Monday, September 28, 2015

Small dairy farmers turning to expensive robotic milkers for more reliable and efficient labor

An increasing number of small dairy farms are turning to robotic milkers, which provide more reliable and efficient labor and lead to happier more productive cows, Lisa Rathke reports for The Associated Press. While robots can help small farms facing worker shortages and outdated "infrastructure that makes the operations inefficient," the downside is the high cost of converting to robots. For example, Jennifer and Jesse Lambert "took out seven-year loans for about $380,000 last year to install two robots and retrofit a barn at their organic dairy farm" in Graniteville, Vt. (Rathke photo: Dairy farmer Jennifer Lambert has two robotic milkers at her farm.)

"The cost of not automating the milking process may be greater for some farmers than shelling out hundreds of thousands of dollars, experts say," Rathke writes. "The technology supplants paying for hard-to-find and migrant labor, creates time for other farm duties and collects vital data about the animals. It boosts the number of gallons of milk being produced because cows get milked as often as they want."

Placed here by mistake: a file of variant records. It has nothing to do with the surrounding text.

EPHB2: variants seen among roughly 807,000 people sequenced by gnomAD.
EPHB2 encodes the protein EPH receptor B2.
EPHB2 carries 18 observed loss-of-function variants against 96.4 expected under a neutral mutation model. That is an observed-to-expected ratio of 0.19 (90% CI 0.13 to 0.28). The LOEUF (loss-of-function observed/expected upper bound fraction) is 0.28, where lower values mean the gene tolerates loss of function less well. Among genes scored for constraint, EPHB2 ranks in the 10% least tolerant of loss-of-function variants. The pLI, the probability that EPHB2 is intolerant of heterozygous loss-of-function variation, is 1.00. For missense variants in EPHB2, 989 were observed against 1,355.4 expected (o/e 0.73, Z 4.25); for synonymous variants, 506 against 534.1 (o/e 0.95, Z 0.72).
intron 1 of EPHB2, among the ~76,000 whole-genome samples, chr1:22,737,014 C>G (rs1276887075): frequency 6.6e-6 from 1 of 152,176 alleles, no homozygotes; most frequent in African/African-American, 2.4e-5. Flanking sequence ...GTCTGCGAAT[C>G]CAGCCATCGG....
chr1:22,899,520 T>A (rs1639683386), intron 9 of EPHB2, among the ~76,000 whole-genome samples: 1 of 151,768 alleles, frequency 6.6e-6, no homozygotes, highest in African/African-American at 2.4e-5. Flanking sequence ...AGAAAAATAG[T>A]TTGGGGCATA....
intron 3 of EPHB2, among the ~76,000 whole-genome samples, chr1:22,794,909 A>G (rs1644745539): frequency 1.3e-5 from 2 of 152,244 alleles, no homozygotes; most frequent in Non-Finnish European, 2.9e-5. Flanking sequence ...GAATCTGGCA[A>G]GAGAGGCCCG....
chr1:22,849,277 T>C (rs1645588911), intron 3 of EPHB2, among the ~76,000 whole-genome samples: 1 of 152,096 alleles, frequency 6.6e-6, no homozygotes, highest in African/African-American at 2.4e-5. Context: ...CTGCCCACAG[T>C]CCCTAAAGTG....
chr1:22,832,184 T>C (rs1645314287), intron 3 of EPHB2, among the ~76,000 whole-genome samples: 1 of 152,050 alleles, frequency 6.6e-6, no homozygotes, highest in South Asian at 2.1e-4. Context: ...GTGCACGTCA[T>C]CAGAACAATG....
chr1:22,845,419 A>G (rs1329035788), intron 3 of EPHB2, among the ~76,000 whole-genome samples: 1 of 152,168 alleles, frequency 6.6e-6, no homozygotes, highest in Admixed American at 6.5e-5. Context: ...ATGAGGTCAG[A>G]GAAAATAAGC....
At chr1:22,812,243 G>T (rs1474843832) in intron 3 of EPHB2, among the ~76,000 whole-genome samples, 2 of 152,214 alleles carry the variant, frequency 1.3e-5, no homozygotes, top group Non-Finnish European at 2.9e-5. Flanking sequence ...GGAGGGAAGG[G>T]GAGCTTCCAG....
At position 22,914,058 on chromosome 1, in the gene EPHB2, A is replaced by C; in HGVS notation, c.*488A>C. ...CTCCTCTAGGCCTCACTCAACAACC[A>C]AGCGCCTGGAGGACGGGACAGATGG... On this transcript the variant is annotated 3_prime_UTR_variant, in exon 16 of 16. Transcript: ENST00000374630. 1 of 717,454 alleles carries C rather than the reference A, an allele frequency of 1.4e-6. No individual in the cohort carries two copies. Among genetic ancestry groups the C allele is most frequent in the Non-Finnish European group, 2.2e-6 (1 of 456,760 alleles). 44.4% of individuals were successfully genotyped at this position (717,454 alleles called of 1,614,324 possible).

"When a cow wants to be milked, it steps up into a stall, grain is dumped in front of it and an arm reaches under its body to wash the teats," Rathke writes. "A laser scans the cow’s body, and then the arm attaches a cup to each of the four teats, milking them individually. The technology also collects and stores data about each cow’s production, body temperature, weight and number of visits to the milking system." Illinois farmers Ron Lawfer said his cows "have produced about 20 percent more milk since two robots were installed in December 2014." Lawfer, who spent $400,000 on robots, said he figures if his family hadn’t built a new $2 million facility they would be out of business by now.

Not everyone sees robots as the answer, Rathke writes. Larry Tranel, a dairy specialist with the Iowa State University Extension, told her, “It’s a technology that it’s kind of scale-neutral in a sense because every robot can handle about 60 cows, and when you start going larger than that people, figure out pretty quick that it’s probably cheaper to hire the labor and put in a big parlor.” (Read more)

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